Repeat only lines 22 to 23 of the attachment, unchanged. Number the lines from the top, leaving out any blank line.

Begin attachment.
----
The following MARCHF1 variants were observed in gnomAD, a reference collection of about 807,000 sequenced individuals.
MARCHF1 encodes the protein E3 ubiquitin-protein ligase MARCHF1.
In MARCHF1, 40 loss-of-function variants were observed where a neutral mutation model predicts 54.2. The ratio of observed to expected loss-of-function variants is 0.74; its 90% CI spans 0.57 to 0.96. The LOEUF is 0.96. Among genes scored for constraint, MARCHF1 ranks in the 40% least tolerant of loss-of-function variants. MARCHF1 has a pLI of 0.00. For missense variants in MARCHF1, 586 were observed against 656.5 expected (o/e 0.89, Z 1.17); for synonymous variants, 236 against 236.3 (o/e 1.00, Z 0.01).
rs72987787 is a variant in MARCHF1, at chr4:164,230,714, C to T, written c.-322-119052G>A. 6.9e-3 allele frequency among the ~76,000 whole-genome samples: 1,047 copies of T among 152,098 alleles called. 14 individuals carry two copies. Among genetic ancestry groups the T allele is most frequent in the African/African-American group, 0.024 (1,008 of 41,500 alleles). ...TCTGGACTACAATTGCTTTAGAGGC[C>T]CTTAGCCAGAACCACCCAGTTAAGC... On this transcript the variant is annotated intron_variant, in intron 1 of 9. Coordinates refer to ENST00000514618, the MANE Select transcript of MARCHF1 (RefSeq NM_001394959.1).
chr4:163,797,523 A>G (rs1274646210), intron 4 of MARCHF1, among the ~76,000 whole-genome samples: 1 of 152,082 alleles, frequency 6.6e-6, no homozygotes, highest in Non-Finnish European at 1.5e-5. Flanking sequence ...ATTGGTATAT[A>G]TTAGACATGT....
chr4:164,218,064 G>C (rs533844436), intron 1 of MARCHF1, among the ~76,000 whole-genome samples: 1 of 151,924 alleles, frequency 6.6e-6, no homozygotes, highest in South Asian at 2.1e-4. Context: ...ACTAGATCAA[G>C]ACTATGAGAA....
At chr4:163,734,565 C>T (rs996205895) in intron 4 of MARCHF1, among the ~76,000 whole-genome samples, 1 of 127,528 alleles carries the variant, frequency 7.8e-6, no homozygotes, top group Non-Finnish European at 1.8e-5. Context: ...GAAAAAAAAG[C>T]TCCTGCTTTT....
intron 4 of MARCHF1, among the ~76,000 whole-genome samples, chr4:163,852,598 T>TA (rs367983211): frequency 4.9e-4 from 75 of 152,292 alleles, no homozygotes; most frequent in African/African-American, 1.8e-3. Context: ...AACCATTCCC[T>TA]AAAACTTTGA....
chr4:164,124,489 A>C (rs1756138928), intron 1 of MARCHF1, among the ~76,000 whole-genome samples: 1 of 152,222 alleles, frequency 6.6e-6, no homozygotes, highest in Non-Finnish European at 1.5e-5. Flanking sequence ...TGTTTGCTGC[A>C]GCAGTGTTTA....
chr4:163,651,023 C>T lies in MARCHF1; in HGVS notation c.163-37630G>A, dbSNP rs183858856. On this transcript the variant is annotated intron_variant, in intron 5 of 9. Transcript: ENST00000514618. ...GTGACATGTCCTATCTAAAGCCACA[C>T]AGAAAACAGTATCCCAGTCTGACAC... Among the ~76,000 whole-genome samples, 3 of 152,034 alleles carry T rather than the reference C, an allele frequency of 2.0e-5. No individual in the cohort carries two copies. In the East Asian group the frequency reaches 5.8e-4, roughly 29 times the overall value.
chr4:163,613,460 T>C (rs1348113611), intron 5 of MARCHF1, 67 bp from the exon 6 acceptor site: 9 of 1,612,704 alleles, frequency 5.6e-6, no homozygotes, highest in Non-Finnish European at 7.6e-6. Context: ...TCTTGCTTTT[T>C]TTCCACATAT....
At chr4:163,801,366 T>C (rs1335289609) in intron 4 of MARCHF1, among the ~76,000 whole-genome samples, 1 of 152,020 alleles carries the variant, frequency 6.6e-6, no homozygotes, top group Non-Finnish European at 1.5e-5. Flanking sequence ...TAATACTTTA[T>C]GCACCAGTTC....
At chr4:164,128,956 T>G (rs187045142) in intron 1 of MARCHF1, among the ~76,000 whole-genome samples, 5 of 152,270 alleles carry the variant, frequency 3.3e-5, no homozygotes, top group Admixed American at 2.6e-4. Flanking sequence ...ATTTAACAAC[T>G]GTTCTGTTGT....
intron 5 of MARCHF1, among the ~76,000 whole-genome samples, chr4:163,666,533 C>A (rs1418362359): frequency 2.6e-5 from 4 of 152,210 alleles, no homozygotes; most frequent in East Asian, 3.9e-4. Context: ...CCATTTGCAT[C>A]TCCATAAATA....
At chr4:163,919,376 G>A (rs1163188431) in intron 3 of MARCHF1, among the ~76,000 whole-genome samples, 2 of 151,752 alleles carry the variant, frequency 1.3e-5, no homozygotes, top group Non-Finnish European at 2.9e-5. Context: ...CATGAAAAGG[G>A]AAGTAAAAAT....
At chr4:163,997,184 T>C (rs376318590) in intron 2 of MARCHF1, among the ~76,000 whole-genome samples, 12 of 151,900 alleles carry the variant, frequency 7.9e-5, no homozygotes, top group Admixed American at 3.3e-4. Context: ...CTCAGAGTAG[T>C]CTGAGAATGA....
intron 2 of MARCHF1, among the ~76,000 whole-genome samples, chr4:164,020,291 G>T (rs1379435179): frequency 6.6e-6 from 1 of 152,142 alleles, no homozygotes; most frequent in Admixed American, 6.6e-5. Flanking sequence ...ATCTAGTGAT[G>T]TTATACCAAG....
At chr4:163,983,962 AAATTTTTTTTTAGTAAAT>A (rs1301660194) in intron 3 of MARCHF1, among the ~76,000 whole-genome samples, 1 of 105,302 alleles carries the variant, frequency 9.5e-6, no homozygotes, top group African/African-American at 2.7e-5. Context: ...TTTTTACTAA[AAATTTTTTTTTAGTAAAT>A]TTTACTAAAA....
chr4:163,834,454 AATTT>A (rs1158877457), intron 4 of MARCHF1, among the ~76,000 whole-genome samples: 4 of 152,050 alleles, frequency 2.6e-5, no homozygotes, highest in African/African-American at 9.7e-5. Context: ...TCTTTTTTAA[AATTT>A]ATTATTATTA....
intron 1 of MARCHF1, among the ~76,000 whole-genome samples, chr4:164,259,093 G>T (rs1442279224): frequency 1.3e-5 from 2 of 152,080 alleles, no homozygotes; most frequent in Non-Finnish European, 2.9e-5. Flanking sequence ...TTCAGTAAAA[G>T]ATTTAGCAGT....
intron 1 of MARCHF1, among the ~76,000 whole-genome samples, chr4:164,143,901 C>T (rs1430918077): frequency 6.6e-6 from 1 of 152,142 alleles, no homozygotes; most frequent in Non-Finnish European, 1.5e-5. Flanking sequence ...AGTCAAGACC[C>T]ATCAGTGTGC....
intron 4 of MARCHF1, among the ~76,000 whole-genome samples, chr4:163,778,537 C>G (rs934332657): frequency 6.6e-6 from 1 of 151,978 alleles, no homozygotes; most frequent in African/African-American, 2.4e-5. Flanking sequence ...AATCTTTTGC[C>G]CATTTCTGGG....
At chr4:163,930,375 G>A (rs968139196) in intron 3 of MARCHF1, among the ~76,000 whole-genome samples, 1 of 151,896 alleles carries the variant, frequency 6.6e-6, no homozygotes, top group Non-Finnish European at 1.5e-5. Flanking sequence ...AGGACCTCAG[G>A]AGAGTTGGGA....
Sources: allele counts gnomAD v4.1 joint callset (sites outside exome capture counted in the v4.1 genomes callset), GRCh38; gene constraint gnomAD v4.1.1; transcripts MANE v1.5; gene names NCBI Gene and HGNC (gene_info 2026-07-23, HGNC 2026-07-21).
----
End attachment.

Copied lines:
intron 4 of MARCHF1, among the ~76,000 whole-genome samples, chr4:163,778,537 C>G (rs934332657): frequency 6.6e-6 from 1 of 151,978 alleles, no homozygotes; most frequent in African/African-American, 2.4e-5. Flanking sequence ...AATCTTTTGC[C>G]CATTTCTGGG....
At chr4:163,930,375 G>A (rs968139196) in intron 3 of MARCHF1, among the ~76,000 whole-genome samples, 1 of 151,896 alleles carries the variant, frequency 6.6e-6, no homozygotes, top group Non-Finnish European at 1.5e-5. Flanking sequence ...AGGACCTCAG[G>A]AGAGTTGGGA....